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HISTORY page 3

The black hole was in the rhythm section, so Byron recruited some local talent, in to Cincinnati's Counterpart Recording Studio that would, a few short years later, become superstars of funk. "I called Roger and Lester Troutman," Byron begins," and paid them to do some sessions so i could get the album finished. We had been on shows together when they were little Roger then Roger and The Human Body, so we knew each other quite well." Lester laid drum tracks with Roger on bass, then Roger overdubbed guitar for four songs on the album, including the rousing "Live On, Dream On" But it was on "Wanna Make Love (Come Flick My BIC)" that history was made when it became the first national funk hit to feature Roger on his trademark talkbox device.

Rodger Troutman

Talkbox & Guitar

Lester Troutman

Drums & Percussion

Roger had already recorded with the talkbox on a regional single called "Freedom" by Roger & The Human Body on Troutman Brothers Records), which he and his brothers sold out of the trunks of their cars. But “Wanna Make Love” made the whole country take notice of the novel new sound. Byron states, “I directed Roger to sing the ‘I just want to make love to you’ melody. The way we were doing it at first was we were mimicking it. The talkbox effect really made it happen. Roger was brilliant at it.”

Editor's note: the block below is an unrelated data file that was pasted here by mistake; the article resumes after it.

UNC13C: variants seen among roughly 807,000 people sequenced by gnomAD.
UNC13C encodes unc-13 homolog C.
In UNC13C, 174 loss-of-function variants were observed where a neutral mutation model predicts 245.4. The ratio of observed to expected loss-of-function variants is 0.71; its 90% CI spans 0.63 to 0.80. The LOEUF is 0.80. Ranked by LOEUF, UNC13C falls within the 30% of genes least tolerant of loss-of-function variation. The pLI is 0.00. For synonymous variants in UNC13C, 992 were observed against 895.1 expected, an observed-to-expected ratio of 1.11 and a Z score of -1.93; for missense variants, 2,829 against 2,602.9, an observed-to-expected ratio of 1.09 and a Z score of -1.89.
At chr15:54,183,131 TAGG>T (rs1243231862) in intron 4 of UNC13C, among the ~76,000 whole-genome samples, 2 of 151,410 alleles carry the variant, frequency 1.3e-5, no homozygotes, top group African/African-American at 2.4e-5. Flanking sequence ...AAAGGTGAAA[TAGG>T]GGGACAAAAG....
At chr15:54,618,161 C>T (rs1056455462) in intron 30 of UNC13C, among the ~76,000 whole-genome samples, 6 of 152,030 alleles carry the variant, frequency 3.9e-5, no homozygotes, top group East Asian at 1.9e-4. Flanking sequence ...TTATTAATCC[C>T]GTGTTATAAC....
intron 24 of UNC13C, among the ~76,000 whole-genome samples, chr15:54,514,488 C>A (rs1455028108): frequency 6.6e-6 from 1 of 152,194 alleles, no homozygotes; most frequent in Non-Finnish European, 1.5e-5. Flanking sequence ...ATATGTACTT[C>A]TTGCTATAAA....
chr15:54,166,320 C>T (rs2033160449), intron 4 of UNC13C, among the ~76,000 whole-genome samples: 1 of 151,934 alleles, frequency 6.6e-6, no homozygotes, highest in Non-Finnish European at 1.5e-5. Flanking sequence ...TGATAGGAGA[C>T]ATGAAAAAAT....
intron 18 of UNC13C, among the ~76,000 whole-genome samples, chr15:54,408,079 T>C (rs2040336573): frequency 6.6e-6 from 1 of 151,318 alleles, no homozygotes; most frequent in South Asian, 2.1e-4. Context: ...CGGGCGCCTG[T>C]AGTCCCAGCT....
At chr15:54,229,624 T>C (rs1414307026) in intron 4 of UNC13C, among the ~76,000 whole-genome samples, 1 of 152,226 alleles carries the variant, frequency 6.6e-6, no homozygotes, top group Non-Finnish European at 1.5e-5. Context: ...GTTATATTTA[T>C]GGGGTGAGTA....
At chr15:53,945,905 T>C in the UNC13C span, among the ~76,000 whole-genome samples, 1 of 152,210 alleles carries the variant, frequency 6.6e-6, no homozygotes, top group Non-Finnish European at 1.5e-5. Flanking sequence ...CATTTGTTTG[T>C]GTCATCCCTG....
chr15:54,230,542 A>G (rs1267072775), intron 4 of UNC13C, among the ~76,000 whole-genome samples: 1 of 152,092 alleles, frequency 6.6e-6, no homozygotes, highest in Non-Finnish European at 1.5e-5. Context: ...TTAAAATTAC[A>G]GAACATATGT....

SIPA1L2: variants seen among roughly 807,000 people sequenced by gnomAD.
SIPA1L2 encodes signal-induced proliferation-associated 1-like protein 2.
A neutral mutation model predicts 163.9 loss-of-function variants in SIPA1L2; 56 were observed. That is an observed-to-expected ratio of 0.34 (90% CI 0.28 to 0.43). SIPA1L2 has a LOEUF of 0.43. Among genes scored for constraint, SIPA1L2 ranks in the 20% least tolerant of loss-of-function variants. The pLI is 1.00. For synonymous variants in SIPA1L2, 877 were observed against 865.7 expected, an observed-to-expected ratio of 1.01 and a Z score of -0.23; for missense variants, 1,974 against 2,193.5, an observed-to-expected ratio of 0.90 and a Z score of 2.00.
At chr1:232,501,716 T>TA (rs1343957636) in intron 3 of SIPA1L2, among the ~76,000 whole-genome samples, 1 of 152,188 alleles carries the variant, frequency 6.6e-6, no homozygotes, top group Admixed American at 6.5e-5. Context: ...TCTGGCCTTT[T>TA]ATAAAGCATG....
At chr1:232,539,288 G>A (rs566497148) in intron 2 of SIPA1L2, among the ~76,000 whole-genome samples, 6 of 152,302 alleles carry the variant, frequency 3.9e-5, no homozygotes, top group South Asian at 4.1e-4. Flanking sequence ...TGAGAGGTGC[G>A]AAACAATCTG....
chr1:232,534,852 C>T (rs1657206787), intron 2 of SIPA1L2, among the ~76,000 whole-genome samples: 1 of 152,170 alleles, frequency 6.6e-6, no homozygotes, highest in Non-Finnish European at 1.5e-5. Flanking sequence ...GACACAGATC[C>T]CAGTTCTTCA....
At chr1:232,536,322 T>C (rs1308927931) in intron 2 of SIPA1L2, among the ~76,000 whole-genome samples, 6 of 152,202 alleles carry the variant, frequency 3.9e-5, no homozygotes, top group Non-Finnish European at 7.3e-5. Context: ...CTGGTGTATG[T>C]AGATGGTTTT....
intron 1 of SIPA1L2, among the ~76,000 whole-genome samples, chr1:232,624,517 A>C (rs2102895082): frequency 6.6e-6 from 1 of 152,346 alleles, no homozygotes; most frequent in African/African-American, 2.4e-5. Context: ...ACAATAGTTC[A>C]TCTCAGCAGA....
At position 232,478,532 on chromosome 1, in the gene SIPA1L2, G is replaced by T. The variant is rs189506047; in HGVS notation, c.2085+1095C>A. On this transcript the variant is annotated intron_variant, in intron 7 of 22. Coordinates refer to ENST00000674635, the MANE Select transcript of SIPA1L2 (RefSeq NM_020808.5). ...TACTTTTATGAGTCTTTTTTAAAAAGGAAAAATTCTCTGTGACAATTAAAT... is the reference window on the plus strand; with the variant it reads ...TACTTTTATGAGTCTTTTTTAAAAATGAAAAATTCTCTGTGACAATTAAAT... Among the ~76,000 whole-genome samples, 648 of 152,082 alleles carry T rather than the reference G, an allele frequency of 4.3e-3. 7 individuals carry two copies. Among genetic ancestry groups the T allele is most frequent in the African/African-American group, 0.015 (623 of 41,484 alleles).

Detailing the experience further, Roger himself relates, “What I remember is Byron telling me and Lester how he wanted the track to go, and Beau Ray making quick , strong suggestions. Nowadays, the voicebox is something people know of and call me to put in a song. But twenty years ago, you can imagine how ridiculous I looked totin’ that thing around trying to advocate it for a record. When I was first trying to make records with it, people were like, ‘I can’t understand a word you’re sayin’. Sounds like you’ve got something’ in yo’ mouth! That ain’t sangin’!’ Once I got it set up and gave them a reasonable facsimile of what it would sound like, they were like, ‘Hey, let’s put this down!’ I’m appreciative to Byron, who has always been very, very cool. He had a wide variety of pickers and drummers to choose from in Dayton back then, and he chose us.” Because they were not official SUN members, Roger and Lester’s contribution were credited vaguely as “rhythm assistance.” But with Zapp’s “More Bounce To The Ounce” four years later in 1980, Roger Troutman went from incognito to indispensible!

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